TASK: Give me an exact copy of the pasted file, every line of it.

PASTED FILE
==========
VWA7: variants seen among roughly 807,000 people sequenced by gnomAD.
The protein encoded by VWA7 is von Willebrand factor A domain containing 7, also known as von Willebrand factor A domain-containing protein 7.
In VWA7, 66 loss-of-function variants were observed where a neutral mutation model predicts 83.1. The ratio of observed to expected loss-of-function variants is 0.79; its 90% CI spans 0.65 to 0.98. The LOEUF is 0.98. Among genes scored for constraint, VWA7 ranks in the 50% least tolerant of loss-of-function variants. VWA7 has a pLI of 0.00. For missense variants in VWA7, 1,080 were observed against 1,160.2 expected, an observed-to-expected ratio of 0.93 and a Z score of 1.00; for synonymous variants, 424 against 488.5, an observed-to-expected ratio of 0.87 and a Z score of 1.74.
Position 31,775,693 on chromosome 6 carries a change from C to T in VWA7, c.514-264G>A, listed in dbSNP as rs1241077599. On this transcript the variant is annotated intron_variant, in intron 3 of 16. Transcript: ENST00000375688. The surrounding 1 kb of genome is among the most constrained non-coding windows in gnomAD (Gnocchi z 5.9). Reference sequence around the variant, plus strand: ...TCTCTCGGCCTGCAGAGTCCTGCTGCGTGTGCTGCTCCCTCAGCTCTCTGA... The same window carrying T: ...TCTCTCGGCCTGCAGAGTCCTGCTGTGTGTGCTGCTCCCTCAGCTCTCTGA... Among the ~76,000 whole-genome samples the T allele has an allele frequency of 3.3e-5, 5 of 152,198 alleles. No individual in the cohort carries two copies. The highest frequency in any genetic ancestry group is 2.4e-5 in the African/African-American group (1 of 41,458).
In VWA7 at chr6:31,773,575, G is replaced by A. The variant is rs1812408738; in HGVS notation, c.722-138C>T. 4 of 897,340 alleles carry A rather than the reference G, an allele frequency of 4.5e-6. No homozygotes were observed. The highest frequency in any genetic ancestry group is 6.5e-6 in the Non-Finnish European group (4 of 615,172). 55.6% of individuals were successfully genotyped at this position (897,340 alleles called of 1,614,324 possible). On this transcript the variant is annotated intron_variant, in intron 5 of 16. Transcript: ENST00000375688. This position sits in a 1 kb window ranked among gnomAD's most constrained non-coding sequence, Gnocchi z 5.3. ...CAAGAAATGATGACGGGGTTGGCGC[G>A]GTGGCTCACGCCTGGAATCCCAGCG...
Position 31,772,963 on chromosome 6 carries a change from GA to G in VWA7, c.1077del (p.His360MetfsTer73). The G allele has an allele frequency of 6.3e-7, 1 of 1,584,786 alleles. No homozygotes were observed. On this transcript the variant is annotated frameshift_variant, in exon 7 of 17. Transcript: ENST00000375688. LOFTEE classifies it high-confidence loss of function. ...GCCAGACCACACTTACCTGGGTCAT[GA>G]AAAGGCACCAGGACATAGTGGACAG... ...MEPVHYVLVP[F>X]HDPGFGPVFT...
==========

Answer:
VWA7: variants seen among roughly 807,000 people sequenced by gnomAD.
The protein encoded by VWA7 is von Willebrand factor A domain containing 7, also known as von Willebrand factor A domain-containing protein 7.
In VWA7, 66 loss-of-function variants were observed where a neutral mutation model predicts 83.1. The ratio of observed to expected loss-of-function variants is 0.79; its 90% CI spans 0.65 to 0.98. The LOEUF is 0.98. Among genes scored for constraint, VWA7 ranks in the 50% least tolerant of loss-of-function variants. VWA7 has a pLI of 0.00. For missense variants in VWA7, 1,080 were observed against 1,160.2 expected, an observed-to-expected ratio of 0.93 and a Z score of 1.00; for synonymous variants, 424 against 488.5, an observed-to-expected ratio of 0.87 and a Z score of 1.74.
Position 31,775,693 on chromosome 6 carries a change from C to T in VWA7, c.514-264G>A, listed in dbSNP as rs1241077599. On this transcript the variant is annotated intron_variant, in intron 3 of 16. Transcript: ENST00000375688. The surrounding 1 kb of genome is among the most constrained non-coding windows in gnomAD (Gnocchi z 5.9). Reference sequence around the variant, plus strand: ...TCTCTCGGCCTGCAGAGTCCTGCTGCGTGTGCTGCTCCCTCAGCTCTCTGA... The same window carrying T: ...TCTCTCGGCCTGCAGAGTCCTGCTGTGTGTGCTGCTCCCTCAGCTCTCTGA... Among the ~76,000 whole-genome samples the T allele has an allele frequency of 3.3e-5, 5 of 152,198 alleles. No individual in the cohort carries two copies. The highest frequency in any genetic ancestry group is 2.4e-5 in the African/African-American group (1 of 41,458).
In VWA7 at chr6:31,773,575, G is replaced by A. The variant is rs1812408738; in HGVS notation, c.722-138C>T. 4 of 897,340 alleles carry A rather than the reference G, an allele frequency of 4.5e-6. No homozygotes were observed. The highest frequency in any genetic ancestry group is 6.5e-6 in the Non-Finnish European group (4 of 615,172). 55.6% of individuals were successfully genotyped at this position (897,340 alleles called of 1,614,324 possible). On this transcript the variant is annotated intron_variant, in intron 5 of 16. Transcript: ENST00000375688. This position sits in a 1 kb window ranked among gnomAD's most constrained non-coding sequence, Gnocchi z 5.3. ...CAAGAAATGATGACGGGGTTGGCGC[G>A]GTGGCTCACGCCTGGAATCCCAGCG...
Position 31,772,963 on chromosome 6 carries a change from GA to G in VWA7, c.1077del (p.His360MetfsTer73). The G allele has an allele frequency of 6.3e-7, 1 of 1,584,786 alleles. No homozygotes were observed. On this transcript the variant is annotated frameshift_variant, in exon 7 of 17. Transcript: ENST00000375688. LOFTEE classifies it high-confidence loss of function. ...GCCAGACCACACTTACCTGGGTCAT[GA>G]AAAGGCACCAGGACATAGTGGACAG... ...MEPVHYVLVP[F>X]HDPGFGPVFT...